Is Sex Ex­er­cise?

And is it hard on the heart? Here are your an­swers…

Health & Nutrition - - CONTENTS -

‘Sex­er­cise’ is good for the heart

At some time in his life, nearly ev­ery man gets worked up about sex. And as many men get older, they won­der if sex is a good form of ex­er­cise or if it’s too stren­u­ous for the heart. Th­ese ques­tions may sound like locker room ban­ter, but they are ac­tu­ally quite im­por­tant – and they now have solid sci­en­tific an­swers.

Sex as Ex­er­cise

Men seem to spend more en­ergy think­ing and talk­ing about sex than on the act it­self. Dur­ing sexual in­ter­course, a man’s heart rate rarely gets above 130 beats a minute, and his sys­tolic blood pres­sure (the higher num­ber, recorded when the heart is pump­ing blood) nearly al­ways stays un­der 170. All in all, av­er­age sexual ac­tiv­ity ranks as mild to mod­er­ate in terms of ex­er­cise in­ten­sity. Sex burns about five calo­ries a minute; that’s four more than a man uses watch­ing TV, but it’s about the same as walk­ing the course to play golf. If a man can walk up two or three flights of stairs with­out dif­fi­culty, he should be in shape for sex.

Sex as Sex

Rak­ing leaves may in­crease a man’s oxy­gen consumption, but it prob­a­bly won’t get his mo­tor run­ning. Sex, of course, is dif­fer­ent, and the ex­cite­ment and stress might well pump out ex­tra adren­a­line. Both men­tal ex­cite­ment and phys­i­cal ex­er­cise in­crease adren­a­line lev­els and can trig­ger heart at­tacks and ‘ar­rhyth­mias’, ab­nor­mal­i­ties of the heart’s pump­ing rhythm. Can sex do the same? In the­ory, it can. But in prac­tice, it’s re­ally very un­com­mon, at least dur­ing con­ven­tional sex with a fa­mil­iar part­ner. Care­ful stud­ies show that fewer than one of ev­ery 100 heart at­tacks is re­lated to sexual ac­tiv­ity, and for fa­tal ar­rhyth­mias, the rate is just one in 200. Put an­other way, for a healthy 50-year-old man, the risk of hav­ing a heart at­tack in any given hour is about one in a mil­lion; sex dou­bles the risk, but it’s still just two in a mil­lion. For men with heart dis­ease, the risk is 10 times higher – but even for them, the chance of suf­fer­ing a heart at­tack dur­ing sex is just 20 in a mil­lion. Those are pretty good odds.

How about Vi­a­gra?

Un­til re­cently, hu­man bi­ol­ogy has pro­vided un­in­ten­tional (and per­haps un­wanted) pro­tec­tion for men with heart dis­ease. That’s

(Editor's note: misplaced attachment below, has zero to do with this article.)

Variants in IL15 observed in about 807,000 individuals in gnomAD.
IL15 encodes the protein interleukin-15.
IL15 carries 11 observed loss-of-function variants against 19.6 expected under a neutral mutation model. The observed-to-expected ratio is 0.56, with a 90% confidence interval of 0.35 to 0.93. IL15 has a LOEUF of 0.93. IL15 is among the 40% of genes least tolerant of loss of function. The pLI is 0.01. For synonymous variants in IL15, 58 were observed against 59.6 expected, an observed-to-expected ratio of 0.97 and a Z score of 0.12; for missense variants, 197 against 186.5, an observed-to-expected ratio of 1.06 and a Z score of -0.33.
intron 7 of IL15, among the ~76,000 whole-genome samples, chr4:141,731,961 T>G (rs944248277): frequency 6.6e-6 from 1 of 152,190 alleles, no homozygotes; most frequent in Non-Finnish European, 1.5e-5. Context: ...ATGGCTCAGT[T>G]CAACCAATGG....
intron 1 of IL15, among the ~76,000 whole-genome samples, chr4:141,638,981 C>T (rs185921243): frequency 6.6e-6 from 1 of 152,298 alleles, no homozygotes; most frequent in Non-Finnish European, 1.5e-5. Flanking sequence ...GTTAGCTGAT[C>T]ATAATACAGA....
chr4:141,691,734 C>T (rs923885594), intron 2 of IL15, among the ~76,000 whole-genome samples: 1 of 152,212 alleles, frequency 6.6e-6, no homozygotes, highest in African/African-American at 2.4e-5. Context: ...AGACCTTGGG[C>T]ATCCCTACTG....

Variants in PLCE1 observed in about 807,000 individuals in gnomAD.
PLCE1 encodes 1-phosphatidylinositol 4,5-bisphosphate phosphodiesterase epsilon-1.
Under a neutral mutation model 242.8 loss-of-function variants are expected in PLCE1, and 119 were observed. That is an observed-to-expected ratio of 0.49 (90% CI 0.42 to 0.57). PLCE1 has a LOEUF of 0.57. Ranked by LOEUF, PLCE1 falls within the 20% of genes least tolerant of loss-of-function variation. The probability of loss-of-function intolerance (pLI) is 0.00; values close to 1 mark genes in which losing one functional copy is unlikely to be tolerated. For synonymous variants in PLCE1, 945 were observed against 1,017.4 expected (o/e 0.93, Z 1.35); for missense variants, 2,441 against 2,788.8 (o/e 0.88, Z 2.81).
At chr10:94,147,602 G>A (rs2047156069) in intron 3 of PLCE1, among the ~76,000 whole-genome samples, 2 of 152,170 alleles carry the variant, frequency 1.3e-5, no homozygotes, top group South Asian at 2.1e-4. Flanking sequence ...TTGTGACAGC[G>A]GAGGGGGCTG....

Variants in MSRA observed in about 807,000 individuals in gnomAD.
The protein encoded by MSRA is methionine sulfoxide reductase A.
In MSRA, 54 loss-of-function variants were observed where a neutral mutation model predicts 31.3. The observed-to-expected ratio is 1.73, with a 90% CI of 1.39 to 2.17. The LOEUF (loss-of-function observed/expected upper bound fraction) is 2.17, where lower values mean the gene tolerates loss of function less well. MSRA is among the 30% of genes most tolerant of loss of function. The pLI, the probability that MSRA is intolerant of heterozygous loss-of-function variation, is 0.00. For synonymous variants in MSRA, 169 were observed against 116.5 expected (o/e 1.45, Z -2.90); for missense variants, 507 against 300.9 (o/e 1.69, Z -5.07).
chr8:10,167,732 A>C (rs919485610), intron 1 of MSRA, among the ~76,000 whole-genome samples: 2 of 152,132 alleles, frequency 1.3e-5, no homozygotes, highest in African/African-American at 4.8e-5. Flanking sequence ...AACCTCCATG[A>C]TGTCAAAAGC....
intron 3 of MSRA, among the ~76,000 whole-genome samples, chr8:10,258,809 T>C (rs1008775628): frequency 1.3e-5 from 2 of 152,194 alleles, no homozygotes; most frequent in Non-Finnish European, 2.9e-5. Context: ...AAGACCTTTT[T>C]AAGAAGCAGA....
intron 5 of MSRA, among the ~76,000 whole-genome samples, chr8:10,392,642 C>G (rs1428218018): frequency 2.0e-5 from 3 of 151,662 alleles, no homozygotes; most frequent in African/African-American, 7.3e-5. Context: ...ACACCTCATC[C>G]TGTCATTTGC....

Dur­ing sexual in­ter­course, a man’s heart rate rarely gets above 130 beats a minute, and his sys­tolic blood pres­sure nearly al­ways stays un­der 170. Av­er­age sexual ac­tiv­ity ranks as mild to mod­er­ate in terms of ex­er­cise in­ten­sity.

be­cause many of the things that cause heart dis­ease, such as smok­ing, di­a­betes, high blood pres­sure, and ab­nor­mal choles­terol lev­els, also cause erec­tile dys­func­tion. The com­mon link is ath­er­o­scle­ro­sis, which can damage ar­ter­ies in the pe­nis as well as in the heart. Silde­nafil (Vi­a­gra), var­de­nafil (Le­vi­tra), and tadalafil (Cialis) have changed that. About 70% of men with erec­tile dys­func­tion (ED) re­spond to the ED pills well enough to

en­able sexual in­ter­course. Sex may be safe for most men with heart dis­ease, but are ED pills a safe way to have sex? For men with sta­ble coro­nary artery dis­ease and well-con­trolled hyper­ten­sion, the an­swer is yes – with one very, very im­por­tant qual­i­fi­ca­tion. Men who are tak­ing ni­trate med­i­ca­tions in any form can­not use ED pills. This re­stric­tion cov­ers all prepa­ra­tions of ni­tro­glyc­erin’, in­clud­ing long-act­ing ni­trates; ni­tro­glyc­erin sprays, patches, and pastes; and amyl ni­trate. For­tu­nately, other treat­ments for erec­tile func­tion – such as the vac­uum pump, al­prostadil in­jec­tions, or ure­thral tablets – are safe for men with heart dis­ease, even if they are us­ing ni­trates.

Safe Sex

Sex is a nor­mal part of hu­man life. For all men, whether they have heart dis­ease or not, the best way to keep sex safe is to stay in shape by avoid­ing to­bacco, ex­er­cis­ing reg­u­larly, eat­ing a good diet, stay­ing lean, and avoid­ing too much (or too lit­tle) al­co­hol. Need­less to say, men should not ini­ti­ate sexual ac­tiv­ity if they are not feel­ing well, and men who ex­pe­ri­ence pos­si­ble car­diac symp­toms dur­ing sex should in­ter­rupt the sexual ac­tiv­ity at once. With th­ese sim­ple guide­lines and pre­cau­tions, sex is safe for the heart – but it should be safe for the rest of the body, too. Sex­u­ally trans­mit­ted dis­ease pose a greater threat than sex­u­ally in­duced heart prob­lems. When it comes to sex, men should use their heads as well as their hearts.

Sex is a nor­mal part of hu­man life. For all men, whether they have heart dis­ease or not, the best way to keep sex safe is to stay in shape by avoid­ing to­bacco, ex­er­cis­ing reg­u­larly, eat­ing a good diet, stay­ing lean, and avoid­ing too much (or too lit­tle) al­co­hol.

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